The decade of the Great Depression began with Berkeley’s “hill” crowd in political control, to the extreme that in the 1932 presidential election, while Franklin D. Roosevelt swept most of the nation, Berkeley was one of the only cities in Alameda county to vote for Herbert Hoover.  

Under F.D.R., however, Berkeley politics switched back, notably in the city endorsement of a plan Roosevelt pushed for cities to endorse W.P.A. funding for schooling. Today, Berkeley High School is the only high school in the state primarily built through the W.P.A. and its New Deal successor agencies. Being a poster child for the movement, the grounds came to include our revered Berkeley Community Theater and Florence Schwimly Little Theater. 

The post-World War II years were a boon to higher education and the University of California grew significantly. Then a dark episode interrupted the good spirits. McCarthyism swept the nation. Paranoia over “communists,” “pinkos” and “fellow travelers” infected the trade unions, city governments and the academic community. 

In 1949 UC President Robert Gordon Sproul joined the anti-red crusade. He convinced the Regents to adopt a Loyalty Oath that all UC employees had to sign. Led by brave professors at Berkeley, 31 profs of the UC system refused to sign and were fired. A number sued and ten years later retained their positions.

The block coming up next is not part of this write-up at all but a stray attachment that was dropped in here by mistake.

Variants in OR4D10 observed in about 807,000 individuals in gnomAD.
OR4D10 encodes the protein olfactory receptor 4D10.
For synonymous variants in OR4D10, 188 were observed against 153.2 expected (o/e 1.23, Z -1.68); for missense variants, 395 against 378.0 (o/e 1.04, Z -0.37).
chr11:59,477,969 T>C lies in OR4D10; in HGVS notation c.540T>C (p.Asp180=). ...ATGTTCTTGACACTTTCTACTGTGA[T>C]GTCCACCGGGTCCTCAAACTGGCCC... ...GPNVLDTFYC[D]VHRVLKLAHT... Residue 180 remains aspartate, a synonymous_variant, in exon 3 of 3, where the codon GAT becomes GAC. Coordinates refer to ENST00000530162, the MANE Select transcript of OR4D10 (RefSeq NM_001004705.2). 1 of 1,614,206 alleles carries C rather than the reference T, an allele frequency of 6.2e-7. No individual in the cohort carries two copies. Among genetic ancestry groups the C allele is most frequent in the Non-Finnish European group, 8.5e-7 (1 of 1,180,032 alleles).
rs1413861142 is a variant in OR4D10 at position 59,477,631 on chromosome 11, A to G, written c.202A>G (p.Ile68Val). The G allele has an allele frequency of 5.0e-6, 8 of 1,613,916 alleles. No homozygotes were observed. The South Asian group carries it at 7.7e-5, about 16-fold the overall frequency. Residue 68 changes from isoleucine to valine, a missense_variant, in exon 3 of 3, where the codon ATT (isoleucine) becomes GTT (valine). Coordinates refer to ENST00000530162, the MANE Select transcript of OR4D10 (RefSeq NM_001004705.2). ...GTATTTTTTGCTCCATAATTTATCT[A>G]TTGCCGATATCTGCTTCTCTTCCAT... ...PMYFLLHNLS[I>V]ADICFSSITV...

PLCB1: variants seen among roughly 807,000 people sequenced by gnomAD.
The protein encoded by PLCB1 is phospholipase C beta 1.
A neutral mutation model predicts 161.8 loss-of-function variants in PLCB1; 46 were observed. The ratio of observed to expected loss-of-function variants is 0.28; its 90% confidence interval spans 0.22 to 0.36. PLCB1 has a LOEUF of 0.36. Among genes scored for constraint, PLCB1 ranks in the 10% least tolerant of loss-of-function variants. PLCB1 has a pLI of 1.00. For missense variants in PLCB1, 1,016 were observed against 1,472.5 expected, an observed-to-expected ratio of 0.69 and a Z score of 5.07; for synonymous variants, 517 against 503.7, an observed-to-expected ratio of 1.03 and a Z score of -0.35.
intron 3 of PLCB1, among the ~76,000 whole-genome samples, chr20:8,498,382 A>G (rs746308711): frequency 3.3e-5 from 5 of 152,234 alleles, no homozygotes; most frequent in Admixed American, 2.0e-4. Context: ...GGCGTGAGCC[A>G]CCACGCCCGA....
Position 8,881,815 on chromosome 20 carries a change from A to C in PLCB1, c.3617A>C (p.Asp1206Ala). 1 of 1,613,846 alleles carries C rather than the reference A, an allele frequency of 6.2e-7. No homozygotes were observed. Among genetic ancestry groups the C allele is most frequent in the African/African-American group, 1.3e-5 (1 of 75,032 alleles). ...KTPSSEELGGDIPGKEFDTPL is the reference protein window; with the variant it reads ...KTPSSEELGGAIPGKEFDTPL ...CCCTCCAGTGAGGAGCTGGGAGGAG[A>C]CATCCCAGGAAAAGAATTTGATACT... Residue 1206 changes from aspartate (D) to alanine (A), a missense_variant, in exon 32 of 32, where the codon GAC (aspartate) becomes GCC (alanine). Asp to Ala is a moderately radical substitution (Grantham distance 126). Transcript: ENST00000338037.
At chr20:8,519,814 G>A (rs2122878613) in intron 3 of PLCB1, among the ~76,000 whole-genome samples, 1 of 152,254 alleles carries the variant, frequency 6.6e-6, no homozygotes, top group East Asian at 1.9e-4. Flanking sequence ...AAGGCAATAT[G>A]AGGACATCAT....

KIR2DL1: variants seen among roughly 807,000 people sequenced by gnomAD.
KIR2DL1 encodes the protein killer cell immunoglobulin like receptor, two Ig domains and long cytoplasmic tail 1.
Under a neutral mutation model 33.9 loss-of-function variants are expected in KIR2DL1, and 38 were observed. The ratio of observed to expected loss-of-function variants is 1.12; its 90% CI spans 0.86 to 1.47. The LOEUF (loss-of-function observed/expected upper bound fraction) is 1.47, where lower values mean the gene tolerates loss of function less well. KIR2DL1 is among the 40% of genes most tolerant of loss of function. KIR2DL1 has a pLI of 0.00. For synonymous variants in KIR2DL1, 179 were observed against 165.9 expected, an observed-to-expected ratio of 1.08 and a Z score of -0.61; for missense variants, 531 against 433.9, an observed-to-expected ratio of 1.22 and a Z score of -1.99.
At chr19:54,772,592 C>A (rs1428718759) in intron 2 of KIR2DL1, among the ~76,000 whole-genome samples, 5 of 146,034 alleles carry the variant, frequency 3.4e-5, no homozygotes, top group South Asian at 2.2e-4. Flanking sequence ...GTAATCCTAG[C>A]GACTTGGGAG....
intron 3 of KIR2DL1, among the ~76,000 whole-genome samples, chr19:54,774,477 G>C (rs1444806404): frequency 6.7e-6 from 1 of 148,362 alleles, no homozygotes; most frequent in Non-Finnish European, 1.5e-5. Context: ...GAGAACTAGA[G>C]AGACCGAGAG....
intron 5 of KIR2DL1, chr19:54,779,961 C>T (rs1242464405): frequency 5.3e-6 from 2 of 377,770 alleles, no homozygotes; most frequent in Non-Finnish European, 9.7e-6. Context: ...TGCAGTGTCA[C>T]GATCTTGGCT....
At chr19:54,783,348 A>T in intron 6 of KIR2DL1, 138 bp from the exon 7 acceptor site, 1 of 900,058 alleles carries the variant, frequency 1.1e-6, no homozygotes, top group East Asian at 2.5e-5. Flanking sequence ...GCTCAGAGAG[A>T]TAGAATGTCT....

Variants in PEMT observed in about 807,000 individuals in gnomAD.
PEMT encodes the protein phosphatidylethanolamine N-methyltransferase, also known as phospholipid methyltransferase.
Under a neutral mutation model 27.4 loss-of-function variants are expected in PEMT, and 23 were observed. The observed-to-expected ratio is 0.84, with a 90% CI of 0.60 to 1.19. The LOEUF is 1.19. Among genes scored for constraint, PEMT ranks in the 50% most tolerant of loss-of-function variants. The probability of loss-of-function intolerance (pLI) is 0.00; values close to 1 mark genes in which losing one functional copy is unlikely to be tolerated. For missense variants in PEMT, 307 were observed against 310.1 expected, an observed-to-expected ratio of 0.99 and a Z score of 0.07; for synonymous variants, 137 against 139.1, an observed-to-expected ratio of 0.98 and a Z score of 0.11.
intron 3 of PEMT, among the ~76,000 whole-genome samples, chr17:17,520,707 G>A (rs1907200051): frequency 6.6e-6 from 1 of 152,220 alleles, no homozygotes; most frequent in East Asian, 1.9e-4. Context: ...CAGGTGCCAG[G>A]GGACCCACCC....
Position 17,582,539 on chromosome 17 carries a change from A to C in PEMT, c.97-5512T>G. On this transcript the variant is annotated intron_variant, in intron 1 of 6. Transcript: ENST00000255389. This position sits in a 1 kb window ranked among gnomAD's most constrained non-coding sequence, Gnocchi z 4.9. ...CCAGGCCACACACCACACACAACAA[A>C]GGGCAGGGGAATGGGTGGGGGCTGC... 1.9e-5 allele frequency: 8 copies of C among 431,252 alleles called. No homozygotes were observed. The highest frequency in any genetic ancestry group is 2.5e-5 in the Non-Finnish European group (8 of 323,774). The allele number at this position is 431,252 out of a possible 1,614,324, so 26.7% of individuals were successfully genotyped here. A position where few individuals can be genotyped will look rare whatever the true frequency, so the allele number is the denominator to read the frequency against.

Talk about the professors who stood up to the witch hunters continued on UC campuses throughout the 1950s. Distaste grew over the intimidation factor in loyalty oaths (sign and shut up or someone might finger you for that night your date took you to a Communist Party party). 

Distaste turned to revulsion as evidence mounted that the government used paid liars to claim they saw this or that person at such a party. In San Francisco in May of 1960, a meeting of the House Un-American Activities Committee was brought to a halt by a gathering of angry young people, including many from Berkeley, and some from the old brown shingle homes along Haste and Dwight that would soon be torn down to create the large vacant lot that, thanks to later struggle, became People’s Park. 

The 1960 San Francisco HUAC protest is often considered the start of our Great Radical Tradition, which we have seen, actually goes back much further.